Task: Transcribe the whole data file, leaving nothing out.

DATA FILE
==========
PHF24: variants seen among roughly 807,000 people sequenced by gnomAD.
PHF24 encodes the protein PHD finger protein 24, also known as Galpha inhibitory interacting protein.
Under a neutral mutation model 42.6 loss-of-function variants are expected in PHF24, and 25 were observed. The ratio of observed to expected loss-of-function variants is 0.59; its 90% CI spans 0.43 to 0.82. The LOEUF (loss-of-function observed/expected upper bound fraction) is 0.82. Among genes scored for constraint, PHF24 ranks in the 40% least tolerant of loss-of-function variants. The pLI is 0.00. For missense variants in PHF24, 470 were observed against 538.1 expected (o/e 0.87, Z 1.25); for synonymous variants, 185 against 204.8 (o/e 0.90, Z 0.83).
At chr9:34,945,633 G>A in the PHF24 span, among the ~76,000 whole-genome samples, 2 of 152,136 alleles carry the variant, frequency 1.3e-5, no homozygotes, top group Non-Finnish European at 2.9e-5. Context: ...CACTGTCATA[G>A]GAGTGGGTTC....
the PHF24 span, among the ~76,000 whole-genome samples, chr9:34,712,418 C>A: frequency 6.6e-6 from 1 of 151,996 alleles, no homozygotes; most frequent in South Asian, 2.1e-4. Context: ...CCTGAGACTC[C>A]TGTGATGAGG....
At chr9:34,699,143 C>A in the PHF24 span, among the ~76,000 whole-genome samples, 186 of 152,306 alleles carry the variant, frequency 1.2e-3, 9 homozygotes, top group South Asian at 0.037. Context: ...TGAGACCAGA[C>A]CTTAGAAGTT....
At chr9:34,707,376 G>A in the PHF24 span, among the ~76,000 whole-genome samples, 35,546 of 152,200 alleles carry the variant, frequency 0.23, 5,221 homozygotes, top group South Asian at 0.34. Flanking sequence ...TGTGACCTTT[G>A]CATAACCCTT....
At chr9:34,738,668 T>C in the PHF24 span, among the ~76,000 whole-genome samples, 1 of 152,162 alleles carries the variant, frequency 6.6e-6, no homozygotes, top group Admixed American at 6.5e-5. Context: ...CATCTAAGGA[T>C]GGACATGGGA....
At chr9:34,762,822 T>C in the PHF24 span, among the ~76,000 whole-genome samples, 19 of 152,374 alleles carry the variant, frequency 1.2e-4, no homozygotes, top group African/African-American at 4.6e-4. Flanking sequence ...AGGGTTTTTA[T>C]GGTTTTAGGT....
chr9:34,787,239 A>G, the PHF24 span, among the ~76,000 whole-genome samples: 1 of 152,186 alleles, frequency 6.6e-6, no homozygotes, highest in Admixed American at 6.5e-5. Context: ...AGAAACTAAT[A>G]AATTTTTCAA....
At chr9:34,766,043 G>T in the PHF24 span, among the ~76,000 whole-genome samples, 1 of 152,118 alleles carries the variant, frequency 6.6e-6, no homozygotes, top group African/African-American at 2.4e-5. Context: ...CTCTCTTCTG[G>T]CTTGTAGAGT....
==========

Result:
PHF24: variants seen among roughly 807,000 people sequenced by gnomAD.
PHF24 encodes the protein PHD finger protein 24, also known as Galpha inhibitory interacting protein.
Under a neutral mutation model 42.6 loss-of-function variants are expected in PHF24, and 25 were observed. The ratio of observed to expected loss-of-function variants is 0.59; its 90% CI spans 0.43 to 0.82. The LOEUF (loss-of-function observed/expected upper bound fraction) is 0.82. Among genes scored for constraint, PHF24 ranks in the 40% least tolerant of loss-of-function variants. The pLI is 0.00. For missense variants in PHF24, 470 were observed against 538.1 expected (o/e 0.87, Z 1.25); for synonymous variants, 185 against 204.8 (o/e 0.90, Z 0.83).
At chr9:34,945,633 G>A in the PHF24 span, among the ~76,000 whole-genome samples, 2 of 152,136 alleles carry the variant, frequency 1.3e-5, no homozygotes, top group Non-Finnish European at 2.9e-5. Context: ...CACTGTCATA[G>A]GAGTGGGTTC....
the PHF24 span, among the ~76,000 whole-genome samples, chr9:34,712,418 C>A: frequency 6.6e-6 from 1 of 151,996 alleles, no homozygotes; most frequent in South Asian, 2.1e-4. Context: ...CCTGAGACTC[C>A]TGTGATGAGG....
At chr9:34,699,143 C>A in the PHF24 span, among the ~76,000 whole-genome samples, 186 of 152,306 alleles carry the variant, frequency 1.2e-3, 9 homozygotes, top group South Asian at 0.037. Context: ...TGAGACCAGA[C>A]CTTAGAAGTT....
At chr9:34,707,376 G>A in the PHF24 span, among the ~76,000 whole-genome samples, 35,546 of 152,200 alleles carry the variant, frequency 0.23, 5,221 homozygotes, top group South Asian at 0.34. Flanking sequence ...TGTGACCTTT[G>A]CATAACCCTT....
At chr9:34,738,668 T>C in the PHF24 span, among the ~76,000 whole-genome samples, 1 of 152,162 alleles carries the variant, frequency 6.6e-6, no homozygotes, top group Admixed American at 6.5e-5. Context: ...CATCTAAGGA[T>C]GGACATGGGA....
At chr9:34,762,822 T>C in the PHF24 span, among the ~76,000 whole-genome samples, 19 of 152,374 alleles carry the variant, frequency 1.2e-4, no homozygotes, top group African/African-American at 4.6e-4. Flanking sequence ...AGGGTTTTTA[T>C]GGTTTTAGGT....
chr9:34,787,239 A>G, the PHF24 span, among the ~76,000 whole-genome samples: 1 of 152,186 alleles, frequency 6.6e-6, no homozygotes, highest in Admixed American at 6.5e-5. Context: ...AGAAACTAAT[A>G]AATTTTTCAA....
At chr9:34,766,043 G>T in the PHF24 span, among the ~76,000 whole-genome samples, 1 of 152,118 alleles carries the variant, frequency 6.6e-6, no homozygotes, top group African/African-American at 2.4e-5. Context: ...CTCTCTTCTG[G>T]CTTGTAGAGT....